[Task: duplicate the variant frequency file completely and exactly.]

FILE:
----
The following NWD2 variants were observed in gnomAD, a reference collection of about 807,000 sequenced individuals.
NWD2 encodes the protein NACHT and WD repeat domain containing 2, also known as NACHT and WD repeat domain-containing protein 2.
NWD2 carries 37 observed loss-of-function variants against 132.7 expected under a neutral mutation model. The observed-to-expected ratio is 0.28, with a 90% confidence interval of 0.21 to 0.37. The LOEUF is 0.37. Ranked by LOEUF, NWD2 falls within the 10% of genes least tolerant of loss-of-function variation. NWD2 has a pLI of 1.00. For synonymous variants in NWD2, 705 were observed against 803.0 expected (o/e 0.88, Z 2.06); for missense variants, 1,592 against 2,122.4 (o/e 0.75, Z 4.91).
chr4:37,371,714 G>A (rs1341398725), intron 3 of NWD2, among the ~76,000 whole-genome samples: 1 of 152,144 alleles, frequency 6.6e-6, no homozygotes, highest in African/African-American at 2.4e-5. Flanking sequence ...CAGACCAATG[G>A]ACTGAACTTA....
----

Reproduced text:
The following NWD2 variants were observed in gnomAD, a reference collection of about 807,000 sequenced individuals.
NWD2 encodes the protein NACHT and WD repeat domain containing 2, also known as NACHT and WD repeat domain-containing protein 2.
NWD2 carries 37 observed loss-of-function variants against 132.7 expected under a neutral mutation model. The observed-to-expected ratio is 0.28, with a 90% confidence interval of 0.21 to 0.37. The LOEUF is 0.37. Ranked by LOEUF, NWD2 falls within the 10% of genes least tolerant of loss-of-function variation. NWD2 has a pLI of 1.00. For synonymous variants in NWD2, 705 were observed against 803.0 expected (o/e 0.88, Z 2.06); for missense variants, 1,592 against 2,122.4 (o/e 0.75, Z 4.91).
chr4:37,371,714 G>A (rs1341398725), intron 3 of NWD2, among the ~76,000 whole-genome samples: 1 of 152,144 alleles, frequency 6.6e-6, no homozygotes, highest in African/African-American at 2.4e-5. Flanking sequence ...CAGACCAATG[G>A]ACTGAACTTA....